At this stage the GSA Schedule holder begins tweaking their GSA Schedule contract, looks to get better rankings by altering their key work descriptions of their products so their items appear on one of the first three pages of GSA Advantage for key searches. The novice also has specialize website pages that are geared specifically for federal buyers taking into consideration “best value” rather than other buying considerations.
The novice also begins taking advantage of GSA Ebuy, This is where the federal government goes to place RFPs and RFQs for GSA contract holders. If your company is doing well with its listings on GSA Advantage the procurement officers are able to find your companies goods and services and will send you invitations to bid. If routinely the firm has to find the procurement on Ebuy in order to submit a bid it could be a sign that your Advance GSA listing needs a makeover. In addition a novice will use Ebuy RFPs to build a list of contacts within the federal government they would like to solicit. A novice will also usually attempt to make telephone contact with the procurement officer prior to submitting a bid.
Routinely performs a competitive analysis and sifts through all the data that is available looking at contract-by-contract. Determinations that the expert makes, is what agencies and specific contracting offices are buying (in what quantities) your products and services. The expert also looks at what purchasing mechanism that are contracting officers are using, GSA schedule, IDIQ contract, BPA, 8a, SDVOSB, HubZone, WOSB or other.
The expert organization trains their team so they understand the rules, the game and the terminology. Government speak is important so don’t discount it. The expert builds a grass roots federal sales action plan based on the results of their continuous competitive analysis. They spot trends in the federal government based upon these trends and often times alter their product or service offerings on their GSA Schedule. This allows the expert to reduce the three million federal employees to a few hundred or less. At the expert phase usually the federal government is the firm’s largest client.
It usually takes an organization several years to move from the beginner level of federal contracting to the expert level however beginners still do well with their GSA Schedules and over time it can lead to much “greener pastures”.
by: Bob Steger
I would like to share with you a conversation I had with a high ranking officer in the US NAVY’s Logistics Department a few days ago. I asked him if he could quantify the value of past performance, how much does it truly add to the bottom line. The answer he gave me was in most instances “a lot!” He said first of all the Navy believes in absolute transparency, with that said people develop relationships and trust is very important to us. He shared with me the selection criteria for a $50 million dollar bid that was recently awarded.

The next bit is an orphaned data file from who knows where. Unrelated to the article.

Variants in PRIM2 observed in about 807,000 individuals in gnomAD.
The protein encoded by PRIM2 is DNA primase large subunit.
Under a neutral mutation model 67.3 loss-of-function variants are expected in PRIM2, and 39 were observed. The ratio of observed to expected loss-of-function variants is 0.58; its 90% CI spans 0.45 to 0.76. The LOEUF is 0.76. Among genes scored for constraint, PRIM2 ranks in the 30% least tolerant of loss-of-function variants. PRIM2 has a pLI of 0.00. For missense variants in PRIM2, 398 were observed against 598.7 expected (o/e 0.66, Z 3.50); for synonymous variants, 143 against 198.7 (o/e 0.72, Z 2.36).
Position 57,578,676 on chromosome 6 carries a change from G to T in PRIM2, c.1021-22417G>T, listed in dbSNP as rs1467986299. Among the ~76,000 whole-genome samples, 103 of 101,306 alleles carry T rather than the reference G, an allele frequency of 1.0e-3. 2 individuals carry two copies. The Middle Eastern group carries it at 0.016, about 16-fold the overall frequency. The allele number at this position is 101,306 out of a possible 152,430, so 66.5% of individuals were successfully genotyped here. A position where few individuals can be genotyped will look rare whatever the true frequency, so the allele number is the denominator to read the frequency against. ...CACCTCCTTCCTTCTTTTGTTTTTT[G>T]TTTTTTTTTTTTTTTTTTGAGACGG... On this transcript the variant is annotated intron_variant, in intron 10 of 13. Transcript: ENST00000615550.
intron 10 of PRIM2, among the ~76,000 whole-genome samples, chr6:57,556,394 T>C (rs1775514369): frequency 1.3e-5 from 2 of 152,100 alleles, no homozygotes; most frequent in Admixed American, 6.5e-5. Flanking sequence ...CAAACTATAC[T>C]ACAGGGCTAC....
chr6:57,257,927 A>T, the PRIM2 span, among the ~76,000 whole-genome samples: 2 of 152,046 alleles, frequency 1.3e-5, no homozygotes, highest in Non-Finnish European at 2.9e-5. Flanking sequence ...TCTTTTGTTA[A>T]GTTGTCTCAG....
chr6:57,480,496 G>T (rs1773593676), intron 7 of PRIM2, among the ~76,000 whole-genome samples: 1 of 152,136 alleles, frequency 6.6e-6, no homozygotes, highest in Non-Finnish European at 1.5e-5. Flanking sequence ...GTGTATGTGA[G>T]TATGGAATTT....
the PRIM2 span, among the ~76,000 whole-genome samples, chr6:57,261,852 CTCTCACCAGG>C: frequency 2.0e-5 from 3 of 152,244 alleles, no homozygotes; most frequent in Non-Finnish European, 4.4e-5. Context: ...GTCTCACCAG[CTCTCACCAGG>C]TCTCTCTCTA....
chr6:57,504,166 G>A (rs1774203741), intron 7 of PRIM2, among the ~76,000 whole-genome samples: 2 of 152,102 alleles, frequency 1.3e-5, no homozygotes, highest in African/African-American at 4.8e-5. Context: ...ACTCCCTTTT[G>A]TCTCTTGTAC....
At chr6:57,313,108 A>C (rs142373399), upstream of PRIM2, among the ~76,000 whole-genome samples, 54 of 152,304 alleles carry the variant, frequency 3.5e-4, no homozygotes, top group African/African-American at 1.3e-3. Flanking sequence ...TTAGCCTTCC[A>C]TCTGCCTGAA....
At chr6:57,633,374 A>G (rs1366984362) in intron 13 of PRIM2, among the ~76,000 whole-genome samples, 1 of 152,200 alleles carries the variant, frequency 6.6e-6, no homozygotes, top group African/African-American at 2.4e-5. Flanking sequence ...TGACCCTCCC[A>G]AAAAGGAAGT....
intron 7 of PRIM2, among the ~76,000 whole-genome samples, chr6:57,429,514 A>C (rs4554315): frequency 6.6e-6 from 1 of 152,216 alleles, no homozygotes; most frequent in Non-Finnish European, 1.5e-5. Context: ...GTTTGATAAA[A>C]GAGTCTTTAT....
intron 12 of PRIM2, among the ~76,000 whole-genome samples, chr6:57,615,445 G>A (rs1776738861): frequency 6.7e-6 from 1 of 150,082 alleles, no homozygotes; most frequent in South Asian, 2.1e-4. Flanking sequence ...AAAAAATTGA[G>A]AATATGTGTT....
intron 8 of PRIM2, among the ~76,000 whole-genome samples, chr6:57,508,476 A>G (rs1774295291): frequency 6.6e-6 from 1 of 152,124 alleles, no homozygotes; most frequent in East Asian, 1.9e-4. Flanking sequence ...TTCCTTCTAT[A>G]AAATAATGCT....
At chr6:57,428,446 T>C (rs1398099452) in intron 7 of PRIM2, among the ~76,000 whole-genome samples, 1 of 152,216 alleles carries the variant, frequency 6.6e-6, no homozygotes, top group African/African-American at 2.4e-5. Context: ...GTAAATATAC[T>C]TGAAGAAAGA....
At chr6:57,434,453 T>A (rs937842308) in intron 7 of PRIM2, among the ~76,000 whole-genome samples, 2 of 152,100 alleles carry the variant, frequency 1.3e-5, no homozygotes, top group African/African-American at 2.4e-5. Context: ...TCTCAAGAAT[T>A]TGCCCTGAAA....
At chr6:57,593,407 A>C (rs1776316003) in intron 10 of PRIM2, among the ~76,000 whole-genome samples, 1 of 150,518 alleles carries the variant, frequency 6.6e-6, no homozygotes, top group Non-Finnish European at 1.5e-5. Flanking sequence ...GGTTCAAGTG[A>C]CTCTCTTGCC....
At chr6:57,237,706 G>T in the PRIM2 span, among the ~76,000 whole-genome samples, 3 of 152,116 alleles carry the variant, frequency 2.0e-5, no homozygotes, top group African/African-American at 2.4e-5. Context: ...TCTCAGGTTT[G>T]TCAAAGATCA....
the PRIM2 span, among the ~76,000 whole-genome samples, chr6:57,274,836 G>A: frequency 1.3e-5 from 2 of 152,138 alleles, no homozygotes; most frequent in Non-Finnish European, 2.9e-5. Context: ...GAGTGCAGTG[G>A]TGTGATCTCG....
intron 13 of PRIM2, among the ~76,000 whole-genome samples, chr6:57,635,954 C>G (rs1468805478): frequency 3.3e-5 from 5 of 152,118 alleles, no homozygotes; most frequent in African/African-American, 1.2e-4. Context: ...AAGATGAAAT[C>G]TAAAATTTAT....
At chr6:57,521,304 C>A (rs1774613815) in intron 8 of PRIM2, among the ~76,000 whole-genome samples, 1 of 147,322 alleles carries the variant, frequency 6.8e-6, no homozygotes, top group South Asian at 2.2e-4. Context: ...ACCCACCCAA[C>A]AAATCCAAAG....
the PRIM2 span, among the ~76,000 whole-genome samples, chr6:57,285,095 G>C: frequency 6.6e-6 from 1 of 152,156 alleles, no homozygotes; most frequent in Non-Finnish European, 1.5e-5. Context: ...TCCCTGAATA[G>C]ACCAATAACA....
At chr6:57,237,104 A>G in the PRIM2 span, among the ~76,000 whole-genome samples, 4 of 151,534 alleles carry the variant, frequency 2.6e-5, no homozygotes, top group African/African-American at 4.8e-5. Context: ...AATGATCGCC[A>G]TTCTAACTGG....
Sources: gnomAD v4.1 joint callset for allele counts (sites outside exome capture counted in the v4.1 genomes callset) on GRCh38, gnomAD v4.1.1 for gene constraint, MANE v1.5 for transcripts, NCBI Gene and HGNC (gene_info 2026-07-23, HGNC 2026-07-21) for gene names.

The bid was down to two vendors, both with a high level of expertise in the contract area. The proposals were very similar, but the bids and performance ratings were the two variables that were the differentiators. The Federal Rating System allows for the following 5 to 6 grades (there is a grade above Excellent which is hardly ever used). In this particular bid Company A’s (excellent performance rating) bid was 3% higher than Company B’s (good performance rating) bid.
On a $50 million dollar contract 3% = $1,500,000 is the premium in the bid charged between Company A and Company B. The Navy found that the premium paid for going with the Excellent supplier warranted the 3% premium. This Naval officers impression was that 3-4% more was the general guideline for using an Excellent rated supplier over a Good rated supplier. Furthermore he quantified the overall difference between “Good” and “Fair” to be another 3-5%.
The takeaway was that a firm with an “Excellent” performance rating can bid 6-10% more and still receive the contract over a “Fair” contractor and a “Fair” contractor is still able to complete a contract.
Therefore it is critical when building your past performance to obtain “Excellent” ratings because it provides the firm with a far greater cushion on future bids to have the money to do what it takes to make the contracting officers happy.
Daily, I talk with businesses owners that don’t feel that a GSA Schedule would provide ample benefit because of a low Federal presence in their area. My response is always the same, “what you are saying, may or may not be true, but what about the state government? They buy off schedules too!”